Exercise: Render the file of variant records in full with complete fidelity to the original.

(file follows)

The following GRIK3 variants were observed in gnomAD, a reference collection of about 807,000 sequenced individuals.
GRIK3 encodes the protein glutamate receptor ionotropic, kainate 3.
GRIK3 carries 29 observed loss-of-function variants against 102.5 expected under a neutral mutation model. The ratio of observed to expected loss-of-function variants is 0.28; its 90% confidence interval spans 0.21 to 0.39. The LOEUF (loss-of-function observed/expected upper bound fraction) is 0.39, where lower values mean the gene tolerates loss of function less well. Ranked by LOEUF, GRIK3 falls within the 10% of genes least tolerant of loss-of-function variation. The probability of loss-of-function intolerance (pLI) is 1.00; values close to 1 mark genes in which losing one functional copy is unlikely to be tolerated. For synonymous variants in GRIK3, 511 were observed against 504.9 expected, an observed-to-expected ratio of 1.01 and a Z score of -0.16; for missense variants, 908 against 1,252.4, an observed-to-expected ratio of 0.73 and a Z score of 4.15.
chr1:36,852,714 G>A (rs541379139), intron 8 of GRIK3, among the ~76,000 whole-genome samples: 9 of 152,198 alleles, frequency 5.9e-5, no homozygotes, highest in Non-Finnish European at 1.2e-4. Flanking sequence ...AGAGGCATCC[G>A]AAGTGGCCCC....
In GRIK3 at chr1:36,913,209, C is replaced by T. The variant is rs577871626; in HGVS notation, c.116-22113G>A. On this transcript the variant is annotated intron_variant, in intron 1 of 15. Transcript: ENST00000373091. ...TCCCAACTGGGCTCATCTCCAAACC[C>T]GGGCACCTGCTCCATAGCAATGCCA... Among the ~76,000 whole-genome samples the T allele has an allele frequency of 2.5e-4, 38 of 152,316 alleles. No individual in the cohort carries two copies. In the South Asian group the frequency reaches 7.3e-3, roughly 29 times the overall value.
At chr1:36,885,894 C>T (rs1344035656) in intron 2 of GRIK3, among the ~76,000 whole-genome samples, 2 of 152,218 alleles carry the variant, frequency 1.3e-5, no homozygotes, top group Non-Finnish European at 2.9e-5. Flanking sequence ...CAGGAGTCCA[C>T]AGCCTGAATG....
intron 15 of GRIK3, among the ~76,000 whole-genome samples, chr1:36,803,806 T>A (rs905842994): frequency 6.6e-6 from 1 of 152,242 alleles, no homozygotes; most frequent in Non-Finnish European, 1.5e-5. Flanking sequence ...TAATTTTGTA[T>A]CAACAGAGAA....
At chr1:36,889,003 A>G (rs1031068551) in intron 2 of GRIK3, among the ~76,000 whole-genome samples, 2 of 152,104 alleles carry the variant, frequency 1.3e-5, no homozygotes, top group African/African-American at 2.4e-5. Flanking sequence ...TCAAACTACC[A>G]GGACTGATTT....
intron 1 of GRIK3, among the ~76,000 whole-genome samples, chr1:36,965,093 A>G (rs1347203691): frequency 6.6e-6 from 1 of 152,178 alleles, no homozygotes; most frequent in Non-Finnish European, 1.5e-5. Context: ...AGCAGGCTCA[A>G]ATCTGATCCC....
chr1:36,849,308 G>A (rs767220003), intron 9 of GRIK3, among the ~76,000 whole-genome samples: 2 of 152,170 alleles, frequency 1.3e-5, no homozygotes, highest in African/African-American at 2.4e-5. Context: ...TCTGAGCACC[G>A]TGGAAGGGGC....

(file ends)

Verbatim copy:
The following GRIK3 variants were observed in gnomAD, a reference collection of about 807,000 sequenced individuals.
GRIK3 encodes the protein glutamate receptor ionotropic, kainate 3.
GRIK3 carries 29 observed loss-of-function variants against 102.5 expected under a neutral mutation model. The ratio of observed to expected loss-of-function variants is 0.28; its 90% confidence interval spans 0.21 to 0.39. The LOEUF (loss-of-function observed/expected upper bound fraction) is 0.39, where lower values mean the gene tolerates loss of function less well. Ranked by LOEUF, GRIK3 falls within the 10% of genes least tolerant of loss-of-function variation. The probability of loss-of-function intolerance (pLI) is 1.00; values close to 1 mark genes in which losing one functional copy is unlikely to be tolerated. For synonymous variants in GRIK3, 511 were observed against 504.9 expected, an observed-to-expected ratio of 1.01 and a Z score of -0.16; for missense variants, 908 against 1,252.4, an observed-to-expected ratio of 0.73 and a Z score of 4.15.
chr1:36,852,714 G>A (rs541379139), intron 8 of GRIK3, among the ~76,000 whole-genome samples: 9 of 152,198 alleles, frequency 5.9e-5, no homozygotes, highest in Non-Finnish European at 1.2e-4. Flanking sequence ...AGAGGCATCC[G>A]AAGTGGCCCC....
In GRIK3 at chr1:36,913,209, C is replaced by T. The variant is rs577871626; in HGVS notation, c.116-22113G>A. On this transcript the variant is annotated intron_variant, in intron 1 of 15. Transcript: ENST00000373091. ...TCCCAACTGGGCTCATCTCCAAACC[C>T]GGGCACCTGCTCCATAGCAATGCCA... Among the ~76,000 whole-genome samples the T allele has an allele frequency of 2.5e-4, 38 of 152,316 alleles. No individual in the cohort carries two copies. In the South Asian group the frequency reaches 7.3e-3, roughly 29 times the overall value.
At chr1:36,885,894 C>T (rs1344035656) in intron 2 of GRIK3, among the ~76,000 whole-genome samples, 2 of 152,218 alleles carry the variant, frequency 1.3e-5, no homozygotes, top group Non-Finnish European at 2.9e-5. Flanking sequence ...CAGGAGTCCA[C>T]AGCCTGAATG....
intron 15 of GRIK3, among the ~76,000 whole-genome samples, chr1:36,803,806 T>A (rs905842994): frequency 6.6e-6 from 1 of 152,242 alleles, no homozygotes; most frequent in Non-Finnish European, 1.5e-5. Flanking sequence ...TAATTTTGTA[T>A]CAACAGAGAA....
At chr1:36,889,003 A>G (rs1031068551) in intron 2 of GRIK3, among the ~76,000 whole-genome samples, 2 of 152,104 alleles carry the variant, frequency 1.3e-5, no homozygotes, top group African/African-American at 2.4e-5. Flanking sequence ...TCAAACTACC[A>G]GGACTGATTT....
intron 1 of GRIK3, among the ~76,000 whole-genome samples, chr1:36,965,093 A>G (rs1347203691): frequency 6.6e-6 from 1 of 152,178 alleles, no homozygotes; most frequent in Non-Finnish European, 1.5e-5. Context: ...AGCAGGCTCA[A>G]ATCTGATCCC....
chr1:36,849,308 G>A (rs767220003), intron 9 of GRIK3, among the ~76,000 whole-genome samples: 2 of 152,170 alleles, frequency 1.3e-5, no homozygotes, highest in African/African-American at 2.4e-5. Context: ...TCTGAGCACC[G>A]TGGAAGGGGC....